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《愛墾影像慕課》推薦延續閱讀： 》愛墾媒體與藝頻道 》愛墾影像慕課 》微電影分析
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良性循環；活動/交易結束是另一波營銷的開始。強調購買體驗、售後服務及参與者口碑傳播的重要性；推進體驗消費循環圈；趁既有参與者新鲜心理紅利未消失，深入挖掘参與者的新需求；體驗和口碑的産生，需要從生理、心理等多方面給参與者驚喜，如参與者的感官、情感與行爲。 會員體系：要培養頭部粉絲参與者，産生大V效果（頭部帶局部）；提高社會影响力變現能力。重點在于維護會員的忠誠度，提供真正有價值的體驗服務，避免“為舉辦而舉辦”，應重情感、避免同質化營銷。提供會員回饋、文化建設、長期個人化聯系，從而保持良好關係。 哲學：一流組織銷售文化，二流組織銷售品牌和信譽，三流組織銷售商品和服務。面對社會影响、經濟發展的背景，全球亦有ESG可持續要求，参與者從“理性参與”轉向“感性参與”，體驗方式的設計應緊隨参與者。一些值得關注的新趨向：配合TikTok經濟學，鄉產學協作倡議等，開發故事營銷、内容营銷，如雪蘭莪黄金海岸濱雪鄉鎮的新旅遊商品故事；街邊攤/咖啡店肉骨茶檔走向國際市場的成功故事；新加坡貨幣强勢带来馬来西亞的地方商機；東馬各鄉鎮原有土產（如古達泥蚶、馬鲁度玉米、拿篤燕窝與丹南咖啡等）節慶，如何與造就新一代的鄉產學结合上来。（陳明發博士〈TikTok年代：刷亮華團品牌路徑圖〉23.6.2023）
32 jiocinema.comjiocinema.com 33 waisheph.comwaisheph.com
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天下一近年投資兩部Sony動畫電影，包括《維沃的精彩生活》（Vivo）及《一家人大戰機械人》（The Mitchells vs. the Machines），古天樂更擔任執行製片人，他在訪問亦透露公司有意進運荷里活及泛亞地地區，目前更尋找更多投資機會，不過整體目標是希望透過合作計劃，成香港產業的技術能勁夠得以提升。
今年港產片香港票房大放異彩，其中古天樂天下一有份的《明日戰記》、《飯戲攻心》票房屢破紀錄，成為香港影史上票房最高的兩部華語電影，有人認為港產片市場正式復蘇，古天樂認為每個國家的電影業都有起有跌：「只是香港影業到達了最低點，現在反彈回來。這就是為甚麽現在是嘗試新事物的最佳時機，我們不能一直重覆相同套路。」（原題：古天樂投資荷裏活電影為影壇吸新技術 計劃進軍韓泰市場出當地電影 / 原載：16.12.2022 星岛網）
“Inherent Tribe Tatana” by Chester Pang
Sabahan producer Chester Pang puts the limelight on Dusun Tatana people in his 60-minute documentary film titled “Inherent Tribe Tatana”.
Just like other 30 ethnics in Sabah, he said the ethnic from Kuala Penyu deserves a storytelling opportunity to tell the world of its uniqueness.
“As people know the Baba Nyonya in Melaka, Dusun Tatana in Sabah also has the similar backgrounds,” he said after a technical preview of the film at a cinema here on May 11.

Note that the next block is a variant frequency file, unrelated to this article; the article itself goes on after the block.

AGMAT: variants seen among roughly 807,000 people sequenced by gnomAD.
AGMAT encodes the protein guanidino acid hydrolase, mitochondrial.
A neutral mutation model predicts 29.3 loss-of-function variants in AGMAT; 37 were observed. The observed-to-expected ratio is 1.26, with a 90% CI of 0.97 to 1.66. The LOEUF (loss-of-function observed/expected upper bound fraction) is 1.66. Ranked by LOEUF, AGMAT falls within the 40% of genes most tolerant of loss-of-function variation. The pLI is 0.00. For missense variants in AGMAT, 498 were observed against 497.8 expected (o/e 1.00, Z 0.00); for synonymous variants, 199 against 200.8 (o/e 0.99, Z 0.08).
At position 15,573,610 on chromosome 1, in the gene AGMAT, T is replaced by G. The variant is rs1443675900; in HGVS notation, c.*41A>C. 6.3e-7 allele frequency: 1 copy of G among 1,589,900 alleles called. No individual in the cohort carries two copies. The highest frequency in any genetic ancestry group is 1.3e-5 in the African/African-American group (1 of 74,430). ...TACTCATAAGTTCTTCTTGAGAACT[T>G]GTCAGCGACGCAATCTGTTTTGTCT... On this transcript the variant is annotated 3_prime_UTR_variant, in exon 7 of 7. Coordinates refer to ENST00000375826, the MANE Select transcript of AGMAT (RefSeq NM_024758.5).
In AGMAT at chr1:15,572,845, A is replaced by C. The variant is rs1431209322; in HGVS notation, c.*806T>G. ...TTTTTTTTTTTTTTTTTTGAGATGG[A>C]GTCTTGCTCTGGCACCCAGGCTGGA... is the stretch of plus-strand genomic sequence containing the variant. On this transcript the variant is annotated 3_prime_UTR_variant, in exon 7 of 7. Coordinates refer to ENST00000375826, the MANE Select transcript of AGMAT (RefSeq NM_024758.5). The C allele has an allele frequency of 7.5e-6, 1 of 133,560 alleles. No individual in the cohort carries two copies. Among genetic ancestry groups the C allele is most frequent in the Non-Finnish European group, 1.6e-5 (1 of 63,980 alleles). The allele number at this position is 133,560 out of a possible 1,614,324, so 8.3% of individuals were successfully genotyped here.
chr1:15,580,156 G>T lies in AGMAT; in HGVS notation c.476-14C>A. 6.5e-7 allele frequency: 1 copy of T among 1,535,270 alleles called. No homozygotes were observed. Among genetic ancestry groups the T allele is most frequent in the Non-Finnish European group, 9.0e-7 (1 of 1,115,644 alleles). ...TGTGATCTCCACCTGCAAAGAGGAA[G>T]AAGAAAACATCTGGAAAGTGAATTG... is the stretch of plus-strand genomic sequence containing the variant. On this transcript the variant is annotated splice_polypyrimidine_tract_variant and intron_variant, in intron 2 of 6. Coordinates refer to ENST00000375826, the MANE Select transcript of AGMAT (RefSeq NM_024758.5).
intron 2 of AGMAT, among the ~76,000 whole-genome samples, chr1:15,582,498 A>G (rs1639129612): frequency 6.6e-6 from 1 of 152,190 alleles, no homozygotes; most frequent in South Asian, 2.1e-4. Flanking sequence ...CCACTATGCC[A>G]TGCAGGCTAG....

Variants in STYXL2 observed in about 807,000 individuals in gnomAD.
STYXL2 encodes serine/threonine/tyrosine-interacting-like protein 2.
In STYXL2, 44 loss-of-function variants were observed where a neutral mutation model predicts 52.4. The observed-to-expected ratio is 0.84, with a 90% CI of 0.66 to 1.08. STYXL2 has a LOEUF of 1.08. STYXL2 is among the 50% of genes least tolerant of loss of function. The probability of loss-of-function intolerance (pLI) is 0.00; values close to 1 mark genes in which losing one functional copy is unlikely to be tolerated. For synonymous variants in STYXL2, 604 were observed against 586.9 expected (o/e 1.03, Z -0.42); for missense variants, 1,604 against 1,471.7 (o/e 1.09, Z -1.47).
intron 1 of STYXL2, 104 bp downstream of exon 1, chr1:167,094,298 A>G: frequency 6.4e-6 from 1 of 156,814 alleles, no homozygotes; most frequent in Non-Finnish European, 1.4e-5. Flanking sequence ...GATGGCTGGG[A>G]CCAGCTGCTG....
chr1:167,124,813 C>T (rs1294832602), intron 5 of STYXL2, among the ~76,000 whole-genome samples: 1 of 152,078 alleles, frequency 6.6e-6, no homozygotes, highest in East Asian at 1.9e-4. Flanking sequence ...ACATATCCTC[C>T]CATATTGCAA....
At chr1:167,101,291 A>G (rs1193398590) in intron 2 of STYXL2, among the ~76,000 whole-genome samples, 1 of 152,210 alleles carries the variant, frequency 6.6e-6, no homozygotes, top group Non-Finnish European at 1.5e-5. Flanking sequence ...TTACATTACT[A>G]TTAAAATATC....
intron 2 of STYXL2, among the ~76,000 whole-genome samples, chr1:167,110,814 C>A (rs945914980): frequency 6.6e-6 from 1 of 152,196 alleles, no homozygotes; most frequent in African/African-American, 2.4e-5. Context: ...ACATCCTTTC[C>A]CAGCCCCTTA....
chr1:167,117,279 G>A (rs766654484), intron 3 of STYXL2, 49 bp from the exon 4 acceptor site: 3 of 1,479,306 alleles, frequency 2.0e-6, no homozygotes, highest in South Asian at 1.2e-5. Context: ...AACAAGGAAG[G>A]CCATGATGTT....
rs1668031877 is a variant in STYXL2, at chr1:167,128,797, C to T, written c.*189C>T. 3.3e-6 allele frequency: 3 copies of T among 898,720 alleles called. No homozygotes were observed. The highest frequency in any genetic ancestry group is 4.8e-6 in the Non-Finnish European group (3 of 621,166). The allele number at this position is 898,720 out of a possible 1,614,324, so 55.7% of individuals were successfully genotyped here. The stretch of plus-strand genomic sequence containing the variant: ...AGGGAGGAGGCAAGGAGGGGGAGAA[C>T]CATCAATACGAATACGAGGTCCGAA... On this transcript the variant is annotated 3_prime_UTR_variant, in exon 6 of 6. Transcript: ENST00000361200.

According to the documentary, due to the proximity of Kudat and Kuala Penyu to China, it is possible that the Chinese migrated to both places during the 19th and 20th century which led to the intermarriage with Dusun Tatana people.
To date, there are about 3,000 descendants of the Dusun Tatana, although embracing either Christianity, Islam or Buddhism, but they are still practicing Chinese traditions such as celebrating Chinese New Year.
Despite having fewer “shaman” and “messenger” now, the Tatana people is still conducting rituals meant for blessings, peace and harmony among others.
The annual organisation of Odou Bakanjar festival, which falls a day after Chap Goh Mei, is said to make the people including younger generation to feel proud of their heritage.
Pang said the RM280,000 film, which is partially funded by FINAS, will take part in the international film festivals this year.
It will be screened for public viewing next year either via local television programmes, online platforms and also Netflix.Sabah Creative Economy and Innovation Centre (SCENIC) general manager Viviantie Sarjuni said the centre under the initiative of Sabah government would support creative talents.
“We do not only provide training and workshops but also help to commercialise talents into the international level, outside Sabah.
“For Chester, we will also support in terms of their participation fees to join festivals, their flights and accommodation to ensure their journey is smooth-sailing.”
(Source “Inherent Tribe Tatana” to compete in international film festivals by Borneo Echo Team on May 12, 2022
Chester's early works: https://iconada.tv/profiles/blogs/home001
Wu Tang Clan & The RZA: 10 Kung-Fu Movies That Inspired Their Hip-HopBy Cody McIntosh Published Jan 16, 2020
10/10 The 36th Chamber of Shaolin
UP FROM THE 36 CHAMBERS... IT'S THE GHOSTFACE KILLA. Both the namesake of their debut album, which is not only their most critically acclaimed record, but also definitely the fan-favorite, shortly followed by Wu-Tang Forever and Liquid Swords. It's, of course, a film done by the Shaw Brothers as with many on this list to be sure. It tells the story of a fictionalized story of San Te, a mythical master of Shaolin martial arts. It also received a more light-hearted sequel, called Return To The Thirty-Six Chambers. If you haven't seen this one, whether you're a Wu-Tang fan or a fan of Kung-Fu movies, this one is an absolute must-watch considering some people think that it very well may be the best Kung-Fu movie of all time.